Without fail, every single time I’ve pulled my Polaroid Land Camera out, people have gotten excited. In the last decade, I bought a beautifully restored Polaroid 185 that was going to be my last and final Polaroid Land Camera after going through a long hunt for a good one. And this year, I’ve made it a point to undo the emotional traumas that the discontinuation caused. When the film dried up, photographers hoarded it, but rarely ever shot it. I, on the other hand, have been using all the packs left in my fridge. I mean, the world just ended for so many folks all across the world. They would’ve regretted not enjoying the experience. And overall, it’s been a very cathartic one.
This isn’t going to be a retrospective of the Polaroid Land Camera. We did that a while back and you can check it out at the previous link. Instead, this post is going to relate my personal story of how I fell in love with the Polaroid Land Camera and came to finally find the one for me.
My true love of the Polaroid Land Camera started years ago around the time I founded this website. The Impossible Project was still cool and had a space open down on Broadway. And I’d been working at B&H Photo in the social media department. A few of us would go out on photowalks and use those cameras. I was introduced to Fujifilm 100C and Fujifilm 3000B there; and ultimately fell in love. So I bought a faulty Polaroid 210 series camera and shot all the film I could. But to me, it was unreliable. That began my search for a fully manual camera.
Back then, the Polaroid 185 was pretty expensive, but I knew I wanted it. My boss at the time and a few others tried to talk me out of buying a camera that’s part of a dying format. But I did it anyway; and I still don’t regret that purchase. Once I had it, I’d bring it into the office at times and guys would pass by. We’d geek out about the camera and share stories. One would tell me about how it made bridesmaids strip at weddings. Another told me about how he shot portraits of his entire family and his kids with it. And yet another related stories about how it was such a fun party camera. Of course, someone had to have the eye-rolling story of how the film was crap and it was only used for proofs for medium format. But as I go through the archive of images shot on the Polaroid 185, here’s what stands out:
- Images of outdoor seating during the pandemic looking very lonely because so many people left the city
- A photo of my first Goorin Bros hat, that I got while working at B&H. There’s this joke that goes around about B&H standing for beards and hats; but it’s not really a joke. This hat was later the victim of a drunken woman’s vomit.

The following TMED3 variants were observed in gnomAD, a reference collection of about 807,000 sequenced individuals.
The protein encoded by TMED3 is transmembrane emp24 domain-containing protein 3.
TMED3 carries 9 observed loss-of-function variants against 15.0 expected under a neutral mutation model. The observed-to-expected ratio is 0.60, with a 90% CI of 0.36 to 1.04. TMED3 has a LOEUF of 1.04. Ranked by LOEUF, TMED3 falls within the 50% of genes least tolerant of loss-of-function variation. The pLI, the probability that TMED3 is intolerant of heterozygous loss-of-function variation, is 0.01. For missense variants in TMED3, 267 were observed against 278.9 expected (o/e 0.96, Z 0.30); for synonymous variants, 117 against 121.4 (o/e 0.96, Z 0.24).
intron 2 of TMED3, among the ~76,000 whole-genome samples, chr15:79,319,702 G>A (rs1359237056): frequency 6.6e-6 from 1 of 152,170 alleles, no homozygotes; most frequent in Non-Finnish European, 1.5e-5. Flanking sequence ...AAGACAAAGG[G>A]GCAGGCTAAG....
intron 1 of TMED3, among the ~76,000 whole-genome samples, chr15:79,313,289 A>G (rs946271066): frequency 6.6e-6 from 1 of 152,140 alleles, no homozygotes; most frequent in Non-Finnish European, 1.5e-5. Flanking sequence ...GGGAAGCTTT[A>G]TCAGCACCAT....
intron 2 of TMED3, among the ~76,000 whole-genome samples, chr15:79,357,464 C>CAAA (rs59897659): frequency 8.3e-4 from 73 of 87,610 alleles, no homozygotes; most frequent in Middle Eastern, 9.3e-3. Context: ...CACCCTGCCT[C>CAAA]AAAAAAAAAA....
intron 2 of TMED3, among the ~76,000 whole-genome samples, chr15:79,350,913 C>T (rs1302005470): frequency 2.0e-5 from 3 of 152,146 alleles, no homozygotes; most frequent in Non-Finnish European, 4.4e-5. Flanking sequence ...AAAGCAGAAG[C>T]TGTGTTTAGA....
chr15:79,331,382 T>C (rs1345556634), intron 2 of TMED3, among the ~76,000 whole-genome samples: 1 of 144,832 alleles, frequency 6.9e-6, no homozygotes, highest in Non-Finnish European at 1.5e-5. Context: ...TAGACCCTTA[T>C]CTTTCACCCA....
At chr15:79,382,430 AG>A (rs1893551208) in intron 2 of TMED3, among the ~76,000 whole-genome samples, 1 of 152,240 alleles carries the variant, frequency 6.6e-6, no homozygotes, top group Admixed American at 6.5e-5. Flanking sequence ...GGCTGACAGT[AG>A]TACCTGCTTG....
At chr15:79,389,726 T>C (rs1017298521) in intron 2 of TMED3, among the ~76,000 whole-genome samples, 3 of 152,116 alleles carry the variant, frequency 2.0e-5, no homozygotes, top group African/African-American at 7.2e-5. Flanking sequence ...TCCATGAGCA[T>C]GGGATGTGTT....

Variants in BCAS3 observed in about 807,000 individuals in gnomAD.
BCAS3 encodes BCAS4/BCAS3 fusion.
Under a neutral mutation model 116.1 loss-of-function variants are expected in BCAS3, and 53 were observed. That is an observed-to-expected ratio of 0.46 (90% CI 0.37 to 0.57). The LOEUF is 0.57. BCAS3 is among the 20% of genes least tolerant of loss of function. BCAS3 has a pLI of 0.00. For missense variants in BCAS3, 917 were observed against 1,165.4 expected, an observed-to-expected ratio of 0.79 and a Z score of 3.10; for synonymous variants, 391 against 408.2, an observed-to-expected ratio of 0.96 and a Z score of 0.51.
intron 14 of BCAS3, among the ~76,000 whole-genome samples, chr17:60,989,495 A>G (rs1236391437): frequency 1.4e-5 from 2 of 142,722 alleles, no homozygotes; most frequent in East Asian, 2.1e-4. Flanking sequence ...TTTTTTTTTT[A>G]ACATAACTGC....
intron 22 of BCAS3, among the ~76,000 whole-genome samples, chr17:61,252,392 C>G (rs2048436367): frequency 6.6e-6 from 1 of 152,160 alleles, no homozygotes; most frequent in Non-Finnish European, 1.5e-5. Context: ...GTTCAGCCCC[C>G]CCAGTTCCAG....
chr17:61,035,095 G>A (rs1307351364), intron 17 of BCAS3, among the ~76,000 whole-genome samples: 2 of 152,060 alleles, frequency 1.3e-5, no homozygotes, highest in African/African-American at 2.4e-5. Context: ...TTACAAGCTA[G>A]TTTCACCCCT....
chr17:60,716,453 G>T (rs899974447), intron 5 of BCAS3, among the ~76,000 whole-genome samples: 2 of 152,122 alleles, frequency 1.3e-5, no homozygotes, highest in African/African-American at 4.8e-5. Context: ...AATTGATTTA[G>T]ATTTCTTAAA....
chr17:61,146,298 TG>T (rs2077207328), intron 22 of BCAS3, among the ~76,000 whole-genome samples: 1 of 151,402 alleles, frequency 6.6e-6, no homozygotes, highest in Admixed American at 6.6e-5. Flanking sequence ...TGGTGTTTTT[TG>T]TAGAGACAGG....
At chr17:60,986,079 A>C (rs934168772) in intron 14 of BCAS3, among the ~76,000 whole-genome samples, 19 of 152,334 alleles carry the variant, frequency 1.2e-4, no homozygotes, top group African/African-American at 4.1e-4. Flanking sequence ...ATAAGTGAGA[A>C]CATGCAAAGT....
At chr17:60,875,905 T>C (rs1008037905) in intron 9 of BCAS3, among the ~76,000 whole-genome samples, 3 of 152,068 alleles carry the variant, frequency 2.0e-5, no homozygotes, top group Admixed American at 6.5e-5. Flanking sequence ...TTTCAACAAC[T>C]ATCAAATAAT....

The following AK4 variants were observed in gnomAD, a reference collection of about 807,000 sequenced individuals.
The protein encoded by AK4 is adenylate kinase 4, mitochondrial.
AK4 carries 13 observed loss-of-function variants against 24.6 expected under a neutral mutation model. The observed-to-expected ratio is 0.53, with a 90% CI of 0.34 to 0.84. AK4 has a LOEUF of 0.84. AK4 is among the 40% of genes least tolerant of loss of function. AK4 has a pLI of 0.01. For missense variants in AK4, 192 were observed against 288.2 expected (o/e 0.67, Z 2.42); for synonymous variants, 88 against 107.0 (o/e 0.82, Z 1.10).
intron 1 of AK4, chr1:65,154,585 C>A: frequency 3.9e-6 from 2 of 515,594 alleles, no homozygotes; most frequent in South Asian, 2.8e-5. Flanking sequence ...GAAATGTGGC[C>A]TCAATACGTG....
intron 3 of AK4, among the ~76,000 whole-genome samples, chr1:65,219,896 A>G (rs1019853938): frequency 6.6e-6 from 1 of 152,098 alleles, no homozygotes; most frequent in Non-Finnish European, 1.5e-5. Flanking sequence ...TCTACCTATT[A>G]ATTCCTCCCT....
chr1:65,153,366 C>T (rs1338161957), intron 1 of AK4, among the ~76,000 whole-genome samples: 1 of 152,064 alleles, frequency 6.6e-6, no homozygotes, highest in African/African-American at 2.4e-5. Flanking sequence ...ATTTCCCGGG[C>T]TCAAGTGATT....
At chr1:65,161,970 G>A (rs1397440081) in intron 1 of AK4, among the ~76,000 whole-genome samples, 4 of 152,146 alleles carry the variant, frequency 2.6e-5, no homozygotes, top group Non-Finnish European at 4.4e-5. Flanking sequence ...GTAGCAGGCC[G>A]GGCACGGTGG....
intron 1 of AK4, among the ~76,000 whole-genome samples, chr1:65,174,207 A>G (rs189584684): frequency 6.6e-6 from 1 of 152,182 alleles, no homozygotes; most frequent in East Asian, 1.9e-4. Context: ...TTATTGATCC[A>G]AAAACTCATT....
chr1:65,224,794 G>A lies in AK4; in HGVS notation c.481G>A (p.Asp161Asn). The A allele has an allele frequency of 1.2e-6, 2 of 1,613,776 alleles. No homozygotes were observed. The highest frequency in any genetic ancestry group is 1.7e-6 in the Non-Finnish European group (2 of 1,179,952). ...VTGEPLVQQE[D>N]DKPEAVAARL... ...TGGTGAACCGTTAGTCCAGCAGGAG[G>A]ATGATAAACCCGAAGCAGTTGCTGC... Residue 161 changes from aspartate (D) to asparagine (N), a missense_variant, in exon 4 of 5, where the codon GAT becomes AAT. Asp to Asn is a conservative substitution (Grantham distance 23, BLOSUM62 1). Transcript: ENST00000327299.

- A photo of a Betty Boop doll that my sister crocheted out of boredom in the very depressive house we grew up in.
- The bedsheets that I left my childhood home with and brought to my first apartment. Those served me well for a few winters.
- A photo of the rack that I used for my clothing and blazers when I had a day job. I still have those clothes and honestly, I’m not sure why I still have so many.
- The view right outside the window from my old desk at B&H
- An image of a woman and her sisters. I met her through my old buddy who I used to play Counter Strike with. I went all the way out to the Hamptons for that image.
- A photo of my mother watching television. She was incredibly hard of hearing and had to have a specific headset that hooked up to the TV to put the audio into her ears.
- A photo of me giving a presentation at the B&H Event space
- Images from various photowalks I went to.
- Images of old film cameras I’ve owned
- Photos I’ve shot of friends wearing cosplay gear
- Various photos of exes, yes I keep those around.
- Scenes from the rooftop of the place I lived in Williamsburg.
Those, all in all, were good times. And this camera has been with me for every single one of those moments. Fujifilm discontinued 3000B, which was a shocker since many of us loved that more than 100C. Eventually, that too was gone. And despite Supersense trying to remake it, we’re not sure it’s ever going to come back.
But this camera taught me as a professional that the products don’t always need to be serious. They can be just for fun. However, it also made me realize that the products that professionals often find fun are the ones that the hobbyists often don’t.